Tasked with providing water for a population which more than quadruples with tourists throughout the year, the Caribbean island of Aruba is building a new 24,000 m3/day desalination facility to process seawater from beach wells. Paul Choules & Ron Sebek discuss technical details of the installation, set to replace older thermal desalination units.
The Island of Aruba's drinking water requirements have changed significantly since the early 1930s, when seawater desalination was first used to gain sufficient fresh water for its growing population of 17,000. Today, the island is populated by 100,000 people and attracts more than 700,000 international visitors annually. Desalination continues to provide the island's only source of water, and as Aruba continues to move forward, it is quickly adopting the latest seawater desalination technology to produce more affordable, high quality water.
The island is building a new 24,000 m3/day (cubic meters per day)/ 6.34-MGD (million gallons per day) desalination facility to treat seawater from beach wells.
This desalination project, which is being performed on a 22-month schedule, will use the latest reverse osmosis (RO) technology to replace the island's existing thermal desalination units. The contract was issued by Water en Energiebedrijf Aruba N.V. (W.E.B. Aruba N.V.), the island's electric and water utility.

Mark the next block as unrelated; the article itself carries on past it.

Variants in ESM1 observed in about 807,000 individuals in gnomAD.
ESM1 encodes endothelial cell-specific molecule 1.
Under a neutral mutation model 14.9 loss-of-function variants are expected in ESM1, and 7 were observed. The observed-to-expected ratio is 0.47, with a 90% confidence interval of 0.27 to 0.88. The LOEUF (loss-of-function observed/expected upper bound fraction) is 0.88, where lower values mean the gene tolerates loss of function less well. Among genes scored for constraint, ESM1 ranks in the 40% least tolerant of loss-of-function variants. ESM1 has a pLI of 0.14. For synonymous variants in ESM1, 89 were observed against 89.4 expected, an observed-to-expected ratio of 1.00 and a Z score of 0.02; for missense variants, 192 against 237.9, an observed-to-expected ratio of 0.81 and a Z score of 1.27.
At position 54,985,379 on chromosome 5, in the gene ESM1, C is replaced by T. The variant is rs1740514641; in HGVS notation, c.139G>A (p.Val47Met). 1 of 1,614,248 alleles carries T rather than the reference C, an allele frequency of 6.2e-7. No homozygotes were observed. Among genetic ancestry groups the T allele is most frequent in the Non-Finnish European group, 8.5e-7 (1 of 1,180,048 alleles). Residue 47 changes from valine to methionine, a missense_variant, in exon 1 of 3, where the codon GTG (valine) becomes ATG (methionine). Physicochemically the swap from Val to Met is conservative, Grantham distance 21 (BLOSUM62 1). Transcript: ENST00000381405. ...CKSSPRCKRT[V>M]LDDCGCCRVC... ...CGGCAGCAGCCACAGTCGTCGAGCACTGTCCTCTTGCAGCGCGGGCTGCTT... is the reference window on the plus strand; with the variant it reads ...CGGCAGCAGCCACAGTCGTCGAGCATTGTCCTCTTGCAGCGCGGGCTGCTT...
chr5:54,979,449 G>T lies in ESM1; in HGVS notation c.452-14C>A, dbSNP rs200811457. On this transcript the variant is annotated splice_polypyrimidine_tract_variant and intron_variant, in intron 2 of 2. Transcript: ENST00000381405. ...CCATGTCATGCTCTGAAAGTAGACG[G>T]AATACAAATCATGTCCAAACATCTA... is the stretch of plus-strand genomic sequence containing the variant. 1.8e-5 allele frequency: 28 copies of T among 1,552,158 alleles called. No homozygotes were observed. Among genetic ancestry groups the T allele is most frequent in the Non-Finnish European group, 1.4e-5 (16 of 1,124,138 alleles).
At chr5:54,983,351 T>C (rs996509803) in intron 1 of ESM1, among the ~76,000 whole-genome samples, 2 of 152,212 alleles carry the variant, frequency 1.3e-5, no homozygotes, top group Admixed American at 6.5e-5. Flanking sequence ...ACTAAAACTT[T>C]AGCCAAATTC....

Five prospective firms had been shortlisted for the project based on initial indicative pricing. Following the results of the official tender, two Veolia Water Solutions & Technologies (VWS) companies: N.A. Water Systems (N.A.WS) and OTV, were awarded the contract. The proposal included performance guarantees for water production and quality, minimal downtime, as well as electrical and chemical consumption. N.A. Water Systems is responsible for VWS design-build and desalination projects in the Americas, and OTV has been involved in conducting and executing large-scale desalination projects worldwide.
The new plant is being built next to the existing thermal desalination plant and the island's power plant, which are located in an industrial area. The thermal desalination units operate with low pressure steam from steam turbines powered by fuel fired boilers. The new facility will use cost-and-energy-efficient reverse osmosis (RO) technology, which will make it more economical to operate. The new plant will provide the island community with a more efficient treatment process and enable Aruba to phase out its older desalination units. The goal with the new desalination plant is to maintain the online availability throughout the life of the facility, while achieving an economical cost of water.
Three Main Processes
Seawater will go through three main processes at Aruba's new desalination plant: pre-treatment, RO, and post-treatment, prior to delivery to the island's potable water distribution system. Pre-treatment prior to membrane systems is the single most important factor in long-term, low-cost operation of RO. Seawater is pumped from 10 beach wells, where natural filtration occurs, and passes through strainers to remove any debris. It will then be pumped into a series of cartridge filters to remove suspended solids larger than five microns.